Sometimes a child is too ill or injured to go home after an emergency room visit. Doctors then will recommend that your child be admitted to the hospital. Your child will be moved to another floor and placed in a room, sometimes alone, sometimes with other children. If you wish, you can ask if a private room is available. You might check with your insurance company to find out whether a private room will be covered if it’s not considered to be medically necessary.
Again, try to remain with your child if she is admitted. Use the telephone in the room or your cell phone to notify your family, friends, and workplace. If you left the house without clothes, toys, games, or books for your child, ask a family member or friend to collect these items and bring them to the hospital. Also, have them bring a change of clothes and toothbrush for you.
When your child settles in, a nurse will probably come into the room, introduce herself, and take vital signs (blood pressure, heart rate, breathing rate). The nurse may ask you to repeat information that you already gave to the emergency room staff. This may seem repetitive, but you may have forgotten an important detail in the emergency room. It’s important for you to provide complete information and answer questions.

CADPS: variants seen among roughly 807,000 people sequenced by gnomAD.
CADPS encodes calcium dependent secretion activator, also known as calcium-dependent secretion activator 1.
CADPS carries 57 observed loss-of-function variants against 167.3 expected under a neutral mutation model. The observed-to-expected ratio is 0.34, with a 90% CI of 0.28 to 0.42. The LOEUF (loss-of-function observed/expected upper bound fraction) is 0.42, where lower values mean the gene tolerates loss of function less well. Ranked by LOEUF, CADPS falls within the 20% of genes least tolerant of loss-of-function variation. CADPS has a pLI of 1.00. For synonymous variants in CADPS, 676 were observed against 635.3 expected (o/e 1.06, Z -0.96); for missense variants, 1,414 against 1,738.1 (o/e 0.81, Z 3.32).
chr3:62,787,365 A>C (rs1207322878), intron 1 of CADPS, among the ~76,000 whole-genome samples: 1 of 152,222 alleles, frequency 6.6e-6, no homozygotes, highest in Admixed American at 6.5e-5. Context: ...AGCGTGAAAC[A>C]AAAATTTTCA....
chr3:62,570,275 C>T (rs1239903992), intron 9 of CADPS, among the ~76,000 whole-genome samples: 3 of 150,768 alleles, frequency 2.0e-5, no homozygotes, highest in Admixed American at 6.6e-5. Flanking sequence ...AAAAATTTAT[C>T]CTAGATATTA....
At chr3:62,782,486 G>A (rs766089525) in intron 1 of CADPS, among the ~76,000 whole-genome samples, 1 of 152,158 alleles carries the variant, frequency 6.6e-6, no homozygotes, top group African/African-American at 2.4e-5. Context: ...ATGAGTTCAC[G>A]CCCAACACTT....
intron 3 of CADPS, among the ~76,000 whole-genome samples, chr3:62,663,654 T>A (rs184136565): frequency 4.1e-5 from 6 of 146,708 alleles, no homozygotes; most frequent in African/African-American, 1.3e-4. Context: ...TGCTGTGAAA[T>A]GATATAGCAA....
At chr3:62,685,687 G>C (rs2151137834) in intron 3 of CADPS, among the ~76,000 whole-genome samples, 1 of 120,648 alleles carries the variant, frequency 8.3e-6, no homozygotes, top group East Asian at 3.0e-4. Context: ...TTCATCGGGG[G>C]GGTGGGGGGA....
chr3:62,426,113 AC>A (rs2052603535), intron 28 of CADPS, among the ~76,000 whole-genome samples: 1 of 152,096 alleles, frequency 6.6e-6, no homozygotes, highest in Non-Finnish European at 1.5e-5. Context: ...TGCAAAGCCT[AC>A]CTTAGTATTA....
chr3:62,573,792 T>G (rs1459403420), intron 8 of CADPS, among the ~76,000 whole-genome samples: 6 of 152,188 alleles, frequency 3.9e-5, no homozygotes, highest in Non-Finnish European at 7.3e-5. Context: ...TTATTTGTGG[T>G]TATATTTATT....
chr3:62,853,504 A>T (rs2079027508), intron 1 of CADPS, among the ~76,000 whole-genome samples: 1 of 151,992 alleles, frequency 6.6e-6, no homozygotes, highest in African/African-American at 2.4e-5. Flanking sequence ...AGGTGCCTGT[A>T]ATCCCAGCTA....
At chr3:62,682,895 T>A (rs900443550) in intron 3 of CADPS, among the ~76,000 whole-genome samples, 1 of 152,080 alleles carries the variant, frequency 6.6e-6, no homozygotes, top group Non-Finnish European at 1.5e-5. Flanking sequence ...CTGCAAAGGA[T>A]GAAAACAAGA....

The nurse should explain what will happen that night. For example, if your child has a concussion, the nurse may need to wake her up every hour. If the nurse doesn’t explain the first night’s plan, do not hesitate to ask.
My 7-year-old daughter had a lengthy, complicated seizure, and was admitted to the hospital through the emergency room. I assured her that I would stay with her and take care of her. I told her it might be stressful in the hospital, but we would make time for fun. I talked about how cool it would be to watch TV in bed all day. We found a computer to play with (a big treat) and had my husband bring in games and coloring books. The fun things really helped her cope.
Table of ContentsAll Guides
- 1. Before You Go
- 2. The Emergency Room
- 3. Preparing Your Child
- 4. The Facilities
- 5. The Staff
- 6. Communicating with Doctors
- 7. Common Procedures
- 8. Surgery
- 9. Pain Management
- 10. Family and Friends. What to Say
- 11. Family and Friends. How to Help
- 12. Feelings and Behavior
- 13. Siblings
- 14. Long-Term Illness or Injury
- 15. School
- 16. Medical and Financial Records
- 17. Insurance
- 18. Sources of Financial Help
- 19. Looking Back
- My Hospital Journal
- Packing List
- About the Author